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Drone boat targets Saudi port

Smoke seen rising; military says bomb-laden craft destroyed by The Associated Press | April 28, 2021 at 4:02 a.m.
In an April 2, 2021, photo released by the U.S. Navy, an Iranian Revolutionary Guard vessel cut in front of the U.S. Coast Guard ship USCGC Monomoy in the Persian Gulf. American and Iranian warships had a tense encounter in the Persian Gulf earlier this month, the first such incident in about a year amid wider turmoil in the region over Tehran's tattered nuclear deal, the U.S. Navy said Tuesday, April 27, 2021. (U.S. Navy via AP)

DUBAI, United Arab Emirates -- A remotely piloted boat packed with explosives targeted the Saudi port of Yanbu in the Red Sea on Tuesday, the kingdom said, with the blast sending black smoke into the sky off the coast.

Saudi Arabia claimed to have intercepted and destroyed the attack boat. However, private security firms suggested commercial traffic near the port may have been hit in the assault.

Details remained scarce, but the incident took place after a series of attacks on shipping in the wider Mideast region as part of a shadow war between Iran and Israel and against the backdrop of ongoing negotiations between Tehran and world powers over Iran's tattered nuclear deal.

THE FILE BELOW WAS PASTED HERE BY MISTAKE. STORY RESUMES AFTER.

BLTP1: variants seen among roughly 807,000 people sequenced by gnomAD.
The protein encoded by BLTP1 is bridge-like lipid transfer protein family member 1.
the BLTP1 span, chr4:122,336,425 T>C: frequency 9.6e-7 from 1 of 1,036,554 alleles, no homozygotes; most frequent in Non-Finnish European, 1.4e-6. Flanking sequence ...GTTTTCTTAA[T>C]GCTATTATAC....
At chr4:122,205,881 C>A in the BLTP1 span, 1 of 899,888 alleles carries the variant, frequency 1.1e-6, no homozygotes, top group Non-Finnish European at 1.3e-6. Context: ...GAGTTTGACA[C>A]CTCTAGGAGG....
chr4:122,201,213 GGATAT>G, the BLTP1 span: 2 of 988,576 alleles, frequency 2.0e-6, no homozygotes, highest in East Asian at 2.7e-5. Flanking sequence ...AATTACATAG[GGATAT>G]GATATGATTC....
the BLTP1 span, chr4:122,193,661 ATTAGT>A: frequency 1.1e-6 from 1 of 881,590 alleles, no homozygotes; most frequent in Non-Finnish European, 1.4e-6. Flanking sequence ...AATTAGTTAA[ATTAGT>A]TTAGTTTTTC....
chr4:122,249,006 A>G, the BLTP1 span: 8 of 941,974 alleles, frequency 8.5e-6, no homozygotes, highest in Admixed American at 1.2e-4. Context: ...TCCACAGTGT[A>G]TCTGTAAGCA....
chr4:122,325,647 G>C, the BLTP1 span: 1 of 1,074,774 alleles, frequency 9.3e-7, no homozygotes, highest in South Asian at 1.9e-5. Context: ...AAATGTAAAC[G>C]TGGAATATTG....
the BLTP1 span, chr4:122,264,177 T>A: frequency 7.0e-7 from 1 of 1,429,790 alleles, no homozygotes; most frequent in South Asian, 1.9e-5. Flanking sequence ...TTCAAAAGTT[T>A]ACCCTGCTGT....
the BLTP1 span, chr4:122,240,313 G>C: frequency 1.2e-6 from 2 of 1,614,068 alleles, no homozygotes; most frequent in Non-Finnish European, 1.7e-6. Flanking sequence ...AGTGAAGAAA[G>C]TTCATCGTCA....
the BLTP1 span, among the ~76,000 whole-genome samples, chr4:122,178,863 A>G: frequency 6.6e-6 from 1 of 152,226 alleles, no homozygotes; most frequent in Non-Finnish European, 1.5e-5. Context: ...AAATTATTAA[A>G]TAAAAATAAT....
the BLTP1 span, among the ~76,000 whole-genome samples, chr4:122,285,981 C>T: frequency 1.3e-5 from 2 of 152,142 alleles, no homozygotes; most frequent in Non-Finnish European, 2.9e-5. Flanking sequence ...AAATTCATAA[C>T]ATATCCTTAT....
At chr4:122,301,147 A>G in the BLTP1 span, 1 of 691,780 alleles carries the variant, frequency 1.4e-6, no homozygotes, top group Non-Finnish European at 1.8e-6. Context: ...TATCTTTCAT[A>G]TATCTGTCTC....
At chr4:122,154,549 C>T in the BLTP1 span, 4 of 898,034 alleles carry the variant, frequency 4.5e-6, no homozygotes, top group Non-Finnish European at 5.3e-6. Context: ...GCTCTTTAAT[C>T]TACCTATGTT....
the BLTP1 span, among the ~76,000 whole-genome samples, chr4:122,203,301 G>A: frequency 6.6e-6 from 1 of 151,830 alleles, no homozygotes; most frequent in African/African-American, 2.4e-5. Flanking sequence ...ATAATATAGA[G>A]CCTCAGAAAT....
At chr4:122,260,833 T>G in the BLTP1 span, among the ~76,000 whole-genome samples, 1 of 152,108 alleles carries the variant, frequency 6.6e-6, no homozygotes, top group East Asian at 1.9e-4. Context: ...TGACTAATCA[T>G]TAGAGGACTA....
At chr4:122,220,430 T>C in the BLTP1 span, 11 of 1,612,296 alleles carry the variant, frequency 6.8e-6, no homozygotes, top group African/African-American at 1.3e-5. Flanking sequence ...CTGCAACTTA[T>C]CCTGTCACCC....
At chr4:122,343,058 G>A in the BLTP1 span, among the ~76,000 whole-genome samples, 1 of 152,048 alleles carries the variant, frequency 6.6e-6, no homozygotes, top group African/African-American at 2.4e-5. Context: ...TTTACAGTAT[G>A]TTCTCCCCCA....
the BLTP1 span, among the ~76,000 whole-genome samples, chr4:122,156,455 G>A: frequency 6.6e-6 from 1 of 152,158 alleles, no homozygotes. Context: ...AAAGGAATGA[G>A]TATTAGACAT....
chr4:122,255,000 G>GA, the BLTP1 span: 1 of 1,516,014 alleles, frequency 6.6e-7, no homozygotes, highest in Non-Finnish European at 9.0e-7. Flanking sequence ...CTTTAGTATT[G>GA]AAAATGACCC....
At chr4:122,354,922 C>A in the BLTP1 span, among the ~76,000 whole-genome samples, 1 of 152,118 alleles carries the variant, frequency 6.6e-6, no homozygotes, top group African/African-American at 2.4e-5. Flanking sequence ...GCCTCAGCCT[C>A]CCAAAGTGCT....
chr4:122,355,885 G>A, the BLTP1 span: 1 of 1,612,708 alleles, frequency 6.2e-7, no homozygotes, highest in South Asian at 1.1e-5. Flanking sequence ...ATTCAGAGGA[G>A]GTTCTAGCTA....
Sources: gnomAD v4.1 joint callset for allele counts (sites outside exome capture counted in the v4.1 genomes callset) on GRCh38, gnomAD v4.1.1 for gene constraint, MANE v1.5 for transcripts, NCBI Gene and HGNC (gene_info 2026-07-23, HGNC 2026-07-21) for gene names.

The kingdom also is involved in a yearslong war against Yemen's Houthi rebels. The Houthis have in the past used bomb-laden drones and explosive-packed boats in attacks targeting the kingdom. However, the rebels did not immediately claim any assaults on Tuesday and did not respond to a request for comment.

The state-run Saudi Press Agency quoted Saudi military spokesman Col. Turki al-Maliki saying the port was targeted by the drone boat.

"The booby-trapped boat was dealt and destroyed according to the rules of engagement," the report quoted al-Maliki as saying, without providing evidence to support his claim.

The United Kingdom Maritime Trade Operations, run by the British navy, said it was "aware of reports of an incident" and that investigations were ongoing. Private maritime security firm Dryad Global said it had reports that a ship had been "attacked," without elaborating.

Maritime security firm Neptune P2P Group reported that black smoke was seen billowing near the south entrance of the Yanbu port.

British maritime security firm Ambrey reported an "incident" off western Saudi Arabia, between the ports of Yanbu and Rabigh. Earlier Tuesday, smoke was seen rising from a vessel off the Saudi oil-shipping port of of Yanbu, the firm said. A number of tankers remain anchored or drifting in the area.

Yanbu port control broadcast a message by marine VHF radio, warning vessels to increase their level of alertness and monitor for any suspicious activity, Ambrey said.

The U.S. Navy's Mideast-based 5th Fleet declined to immediately comment on the incident.

Yanbu, 540 miles west of Riyadh, is the endpoint of the kingdom's crucial East-West Pipeline. It allows crude oil pumped in its eastern fields to be shipped directly by way of the Red Sea, avoiding the Persian Gulf's chokepoint at the Strait of Hormuz. Yanbu is also home to an oil refinery that can process 400,000 barrels of crude per day.